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The "S" Newsletter


Glenn Hutchinson, Ph.D.

Licensed Psychologist (Atlanta, GA) and Founder of Psyc.TV

Are the Partners of Sex Addicts Pathological too?

In my work with the partners of sex addicts, I'm frequently asked questions that reveal painful self-doubt. Sometimes the questions are explicit. Other times, the questions are veiled, but the concerns are always clear: What is wrong with me? What did I do that made him have sex with other people? Is it my personality, or perhaps some mental health problem that I have, that caused him to seek other sex partners or at least contributed to it?


Adding insult to the emotional injuries inflicted by sex-addicts, some authors have speculated that women who marry sex addicts have psychological problems that led them to choose sex addicts as spouses (e.g., Wildmon-White & Young, 2002; Carnes, 1991)*. Indeed, in one of his most often-cited books Don't Call It Love, Patrick Carnes describes deep and varied psychopathology among sex addicts and asserts that the

partners "are mirror images of the addicts themselves." Based on a nonscientific survey**, Carnes reported that 83% of the partners have histories of "emotional instability," 87% histories of "hopelessness," and more than half have experienced suicidal thoughts. In Carnes' view the partners of sex addicts are so rife with psychopathology that he claims, "If their relationship was not with one sex addict, it would have been with another."   


Let me pose a couple of questions that you will hear me ask often if you read future issues of The "S" Newsletter: How much bona fide research has looked at this issue, and what does it indicate? Specifically, is there any evidence that the partners of sex addicts are more likely to suffer from mental health problems than are members of the general population? Despite the rampant speculation by some authors, my extensive review of the scientific literature revealed only one study ever published on this topic. The study was conducted in 2011 by Rory Reid, a psychologist at UCLA. Reid gave a well-established measure of personality and psychopathology (MMPI-2-RF) to women who were married to sex addicts and to women who were married to non-sex addicts. Reid also administered a measure of marital satisfaction. Results showed that women who were married to sex addicts were significantly less satisfied with their marriages than other women. Women who were married to sex addicts also scored lower on an MMPI scale that measures positive emotions. There's no surprise in these findings. However, more interesting and relevant to the question at hand, Reid found that the women who were married to sex addicts did not differ from other women on any of the MMPI scales that assess mental health difficulties. These scales included measures of substance abuse, stress/worry, self-doubt, helplessness/hopelessness, and dysfunctional negative emotions. The two groups of women did not even differ on a scale that measures demoralization. So, while women who were married to sex addicts reported lower marital satisfaction and lower positive emotionality than other women, they did not report greater overall distress, hopelessness or other forms of psychopathology.  As Reid has observed, his findings contradict claims that the partners of sex addicts are generally depressed, anxious, and otherwise dysfunctional.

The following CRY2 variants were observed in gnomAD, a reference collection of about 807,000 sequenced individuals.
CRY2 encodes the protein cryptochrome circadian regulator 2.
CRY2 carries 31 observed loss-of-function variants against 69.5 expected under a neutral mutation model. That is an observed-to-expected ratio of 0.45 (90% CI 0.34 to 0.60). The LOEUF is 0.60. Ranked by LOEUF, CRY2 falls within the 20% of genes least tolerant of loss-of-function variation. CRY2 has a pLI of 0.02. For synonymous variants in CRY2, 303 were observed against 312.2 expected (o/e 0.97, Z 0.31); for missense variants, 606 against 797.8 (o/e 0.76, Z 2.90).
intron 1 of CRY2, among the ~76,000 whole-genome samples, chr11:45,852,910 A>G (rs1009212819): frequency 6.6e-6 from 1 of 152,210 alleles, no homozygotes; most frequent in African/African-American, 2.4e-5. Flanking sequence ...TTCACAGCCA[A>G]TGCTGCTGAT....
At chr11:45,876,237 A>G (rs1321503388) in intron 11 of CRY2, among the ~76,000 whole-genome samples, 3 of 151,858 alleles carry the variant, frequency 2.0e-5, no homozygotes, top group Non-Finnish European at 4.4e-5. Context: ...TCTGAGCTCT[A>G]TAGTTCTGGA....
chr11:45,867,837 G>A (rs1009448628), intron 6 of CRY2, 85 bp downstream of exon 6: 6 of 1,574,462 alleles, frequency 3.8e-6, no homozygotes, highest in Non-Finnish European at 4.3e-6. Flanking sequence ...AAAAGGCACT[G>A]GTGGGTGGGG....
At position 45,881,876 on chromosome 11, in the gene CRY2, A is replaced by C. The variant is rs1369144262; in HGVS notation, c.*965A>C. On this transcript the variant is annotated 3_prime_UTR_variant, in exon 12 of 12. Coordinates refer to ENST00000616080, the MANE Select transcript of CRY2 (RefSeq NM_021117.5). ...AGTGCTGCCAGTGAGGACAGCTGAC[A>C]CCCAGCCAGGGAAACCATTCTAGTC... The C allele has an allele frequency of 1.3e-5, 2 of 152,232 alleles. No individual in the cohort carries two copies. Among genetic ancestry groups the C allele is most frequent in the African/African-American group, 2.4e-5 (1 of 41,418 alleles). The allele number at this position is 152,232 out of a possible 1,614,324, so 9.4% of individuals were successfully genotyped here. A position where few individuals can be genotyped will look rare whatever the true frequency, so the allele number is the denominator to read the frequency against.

Reid's study was well-designed and well-executed, although it was relatively small (49 women married to sex addicts and 44 married to "normal" men). It's just one study, but it's the only scientific study that has investigated psychopathology in the partners of sex addicts, and it indicates that women who are married to sex addicts do not exhibit more mental health difficulties than other women. Of course, this does not imply that no women who are married to sex addicts have psychiatric problems. Just as some women who are married to "normal" men have personality or psychiatric difficulties, so do some women who are married to sex addicts. It's also worth keeping in mind that some psychologically healthy people who are in relationships with sex addicts may develop psychiatric symptoms (e.g., anxiety and depression) or unhealthy behavior patterns (e.g., attempting to control the addict's behavior) in response to the addicts' behavior.  That is, psychiatric symptoms may result from living with a sex addict as opposed to the notion that the partners' psychological difficulties preceded their relationships and caused these individuals to choose sex addicts as partners. 


Many of you may be wondering about coaddiction or codependence among the partners of sex addicts.  That's a topic that I'll address in a future issue of The "S" Newsletter.


*Presumably, these authors would make the same claims about male partners of sex addicts, but most of their speculation seems to have addressed wives of male sex addicts.


** The survey was not scientific because Carnes did not use a random, representative sample of sex addicts and their partners. Moreover, the response rate to Carnes' survey was less than 20 percent. If you'd like to understand how these factors bias results, watch the video entitled "Does Childhood Sexual Abuse Cause Sex Addiction?" in the 'Important Topics' section on my website:


If there are topics that you would like to see addressed in future issues, feel free to make suggestions via email: glennhutchinson@mindspring.comAlso, please visit where you can watch free videos in the "Important Topics" section as well as access past issues of The "S" Newsletter.

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